Christian citizens benefit American society most when they understand that they must respect the right of other Americans to believe differently—or not believe at all—even as they earnestly contend to communicate their faith.
Dreher’s choice of the Rule of St. Benedict as the tool to frame his essay on Christian community seems to me a major reason for interpretive misunderstandings of how radically separated he intends this community to be. What he is actually proposing is no different from the basic strategies Christians have employed to create and influence local communities for centuries.
One emerging field of Reformation studies in particular focuses on the manner in which various Reformers made use of the popular media of the time, as a means of communicating their message to the masses.
These Reformation-age dilemmas illustrate how the tenuous relationships between Christians and their political leaders were no less complicated in the past than they are today.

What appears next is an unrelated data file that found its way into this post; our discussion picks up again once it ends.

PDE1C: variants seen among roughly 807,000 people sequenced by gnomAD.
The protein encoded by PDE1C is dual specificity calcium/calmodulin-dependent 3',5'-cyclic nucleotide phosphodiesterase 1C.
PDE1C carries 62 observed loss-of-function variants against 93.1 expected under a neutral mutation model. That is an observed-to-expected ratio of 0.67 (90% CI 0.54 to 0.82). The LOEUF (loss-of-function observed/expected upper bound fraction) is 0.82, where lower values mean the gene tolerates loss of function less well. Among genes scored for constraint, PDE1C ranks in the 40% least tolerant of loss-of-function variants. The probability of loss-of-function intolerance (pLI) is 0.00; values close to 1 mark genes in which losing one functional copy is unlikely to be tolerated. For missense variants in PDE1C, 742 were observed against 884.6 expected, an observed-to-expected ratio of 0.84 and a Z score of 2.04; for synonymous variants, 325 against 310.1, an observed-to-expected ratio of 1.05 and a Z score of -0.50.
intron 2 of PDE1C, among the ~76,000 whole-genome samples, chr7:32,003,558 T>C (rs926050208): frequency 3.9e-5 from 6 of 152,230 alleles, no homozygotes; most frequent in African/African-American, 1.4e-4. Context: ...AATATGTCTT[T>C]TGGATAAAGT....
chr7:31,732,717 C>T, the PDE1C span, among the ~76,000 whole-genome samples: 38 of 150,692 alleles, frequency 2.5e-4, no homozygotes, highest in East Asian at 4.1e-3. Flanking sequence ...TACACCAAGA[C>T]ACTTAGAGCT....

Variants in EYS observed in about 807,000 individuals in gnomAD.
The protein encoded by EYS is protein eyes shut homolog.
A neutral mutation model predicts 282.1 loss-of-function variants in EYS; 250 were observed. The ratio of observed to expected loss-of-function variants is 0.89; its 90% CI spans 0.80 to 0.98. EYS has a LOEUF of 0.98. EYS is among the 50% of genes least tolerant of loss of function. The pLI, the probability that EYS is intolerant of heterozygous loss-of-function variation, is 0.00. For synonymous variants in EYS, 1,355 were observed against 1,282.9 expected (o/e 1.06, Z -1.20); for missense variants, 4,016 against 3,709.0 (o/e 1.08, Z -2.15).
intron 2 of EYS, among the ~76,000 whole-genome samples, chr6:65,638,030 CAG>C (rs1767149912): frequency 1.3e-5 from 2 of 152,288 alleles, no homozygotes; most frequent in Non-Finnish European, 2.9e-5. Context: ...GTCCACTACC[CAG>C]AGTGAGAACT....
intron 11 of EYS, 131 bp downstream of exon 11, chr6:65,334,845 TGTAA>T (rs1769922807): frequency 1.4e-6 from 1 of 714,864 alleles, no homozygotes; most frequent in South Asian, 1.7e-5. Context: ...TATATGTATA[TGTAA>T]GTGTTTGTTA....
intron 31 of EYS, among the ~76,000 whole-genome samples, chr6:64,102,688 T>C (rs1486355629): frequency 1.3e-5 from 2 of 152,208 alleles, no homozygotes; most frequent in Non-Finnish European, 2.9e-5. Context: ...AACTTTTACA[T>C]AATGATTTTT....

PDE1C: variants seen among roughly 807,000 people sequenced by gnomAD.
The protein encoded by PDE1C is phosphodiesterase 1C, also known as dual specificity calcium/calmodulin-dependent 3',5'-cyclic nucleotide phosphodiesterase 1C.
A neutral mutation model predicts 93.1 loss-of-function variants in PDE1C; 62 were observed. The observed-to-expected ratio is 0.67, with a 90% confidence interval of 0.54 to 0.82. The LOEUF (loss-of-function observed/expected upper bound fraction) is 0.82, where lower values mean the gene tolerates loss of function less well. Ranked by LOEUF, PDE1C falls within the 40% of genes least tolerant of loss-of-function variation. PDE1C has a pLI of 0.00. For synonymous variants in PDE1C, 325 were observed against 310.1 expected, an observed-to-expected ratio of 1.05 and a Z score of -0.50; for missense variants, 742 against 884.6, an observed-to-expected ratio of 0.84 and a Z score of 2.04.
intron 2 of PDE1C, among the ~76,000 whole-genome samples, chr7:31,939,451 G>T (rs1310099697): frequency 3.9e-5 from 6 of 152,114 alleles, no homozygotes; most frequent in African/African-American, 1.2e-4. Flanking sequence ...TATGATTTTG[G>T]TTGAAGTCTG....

The meaning someone is trying to express by using “evangelical” depends as much or more on context that any inherently accepted common definition of the term. The sheer flexibility of the term is both one secret of its lasting utility and at the same time its greatest weakness.
Is it ever appropriate to acknowledge national symbols in corporate worship? These questions, like all questions related to worship and devotional practice, are deeply personal and depend as much on the motives behind what we do as the actual practices themselves.